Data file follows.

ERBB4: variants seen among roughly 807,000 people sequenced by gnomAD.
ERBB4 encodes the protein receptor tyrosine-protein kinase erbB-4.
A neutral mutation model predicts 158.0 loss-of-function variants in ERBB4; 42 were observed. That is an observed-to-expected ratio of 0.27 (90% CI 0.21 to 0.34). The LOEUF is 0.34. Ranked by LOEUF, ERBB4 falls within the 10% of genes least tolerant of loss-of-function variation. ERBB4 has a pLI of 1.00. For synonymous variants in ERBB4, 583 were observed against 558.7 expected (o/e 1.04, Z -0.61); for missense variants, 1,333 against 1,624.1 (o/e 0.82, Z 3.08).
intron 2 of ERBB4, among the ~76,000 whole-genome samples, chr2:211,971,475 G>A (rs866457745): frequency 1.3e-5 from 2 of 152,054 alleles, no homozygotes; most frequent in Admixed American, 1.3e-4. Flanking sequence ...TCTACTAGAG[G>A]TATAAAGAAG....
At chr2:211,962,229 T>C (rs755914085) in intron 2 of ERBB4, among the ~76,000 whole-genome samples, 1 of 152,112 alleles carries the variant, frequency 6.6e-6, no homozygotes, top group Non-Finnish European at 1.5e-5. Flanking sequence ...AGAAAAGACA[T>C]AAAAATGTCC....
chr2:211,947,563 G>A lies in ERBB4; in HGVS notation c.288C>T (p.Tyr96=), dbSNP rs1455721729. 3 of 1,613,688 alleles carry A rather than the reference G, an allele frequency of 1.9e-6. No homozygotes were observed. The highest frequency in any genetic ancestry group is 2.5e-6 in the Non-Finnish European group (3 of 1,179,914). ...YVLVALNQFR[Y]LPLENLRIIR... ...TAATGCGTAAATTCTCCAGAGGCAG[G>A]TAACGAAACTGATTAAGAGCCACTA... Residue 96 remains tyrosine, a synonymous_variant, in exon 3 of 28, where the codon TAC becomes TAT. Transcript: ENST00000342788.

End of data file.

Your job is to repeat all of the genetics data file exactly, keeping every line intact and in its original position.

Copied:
ERBB4: variants seen among roughly 807,000 people sequenced by gnomAD.
ERBB4 encodes the protein receptor tyrosine-protein kinase erbB-4.
A neutral mutation model predicts 158.0 loss-of-function variants in ERBB4; 42 were observed. That is an observed-to-expected ratio of 0.27 (90% CI 0.21 to 0.34). The LOEUF is 0.34. Ranked by LOEUF, ERBB4 falls within the 10% of genes least tolerant of loss-of-function variation. ERBB4 has a pLI of 1.00. For synonymous variants in ERBB4, 583 were observed against 558.7 expected (o/e 1.04, Z -0.61); for missense variants, 1,333 against 1,624.1 (o/e 0.82, Z 3.08).
intron 2 of ERBB4, among the ~76,000 whole-genome samples, chr2:211,971,475 G>A (rs866457745): frequency 1.3e-5 from 2 of 152,054 alleles, no homozygotes; most frequent in Admixed American, 1.3e-4. Flanking sequence ...TCTACTAGAG[G>A]TATAAAGAAG....
At chr2:211,962,229 T>C (rs755914085) in intron 2 of ERBB4, among the ~76,000 whole-genome samples, 1 of 152,112 alleles carries the variant, frequency 6.6e-6, no homozygotes, top group Non-Finnish European at 1.5e-5. Flanking sequence ...AGAAAAGACA[T>C]AAAAATGTCC....
chr2:211,947,563 G>A lies in ERBB4; in HGVS notation c.288C>T (p.Tyr96=), dbSNP rs1455721729. 3 of 1,613,688 alleles carry A rather than the reference G, an allele frequency of 1.9e-6. No homozygotes were observed. The highest frequency in any genetic ancestry group is 2.5e-6 in the Non-Finnish European group (3 of 1,179,914). ...YVLVALNQFR[Y]LPLENLRIIR... ...TAATGCGTAAATTCTCCAGAGGCAG[G>A]TAACGAAACTGATTAAGAGCCACTA... Residue 96 remains tyrosine, a synonymous_variant, in exon 3 of 28, where the codon TAC becomes TAT. Transcript: ENST00000342788.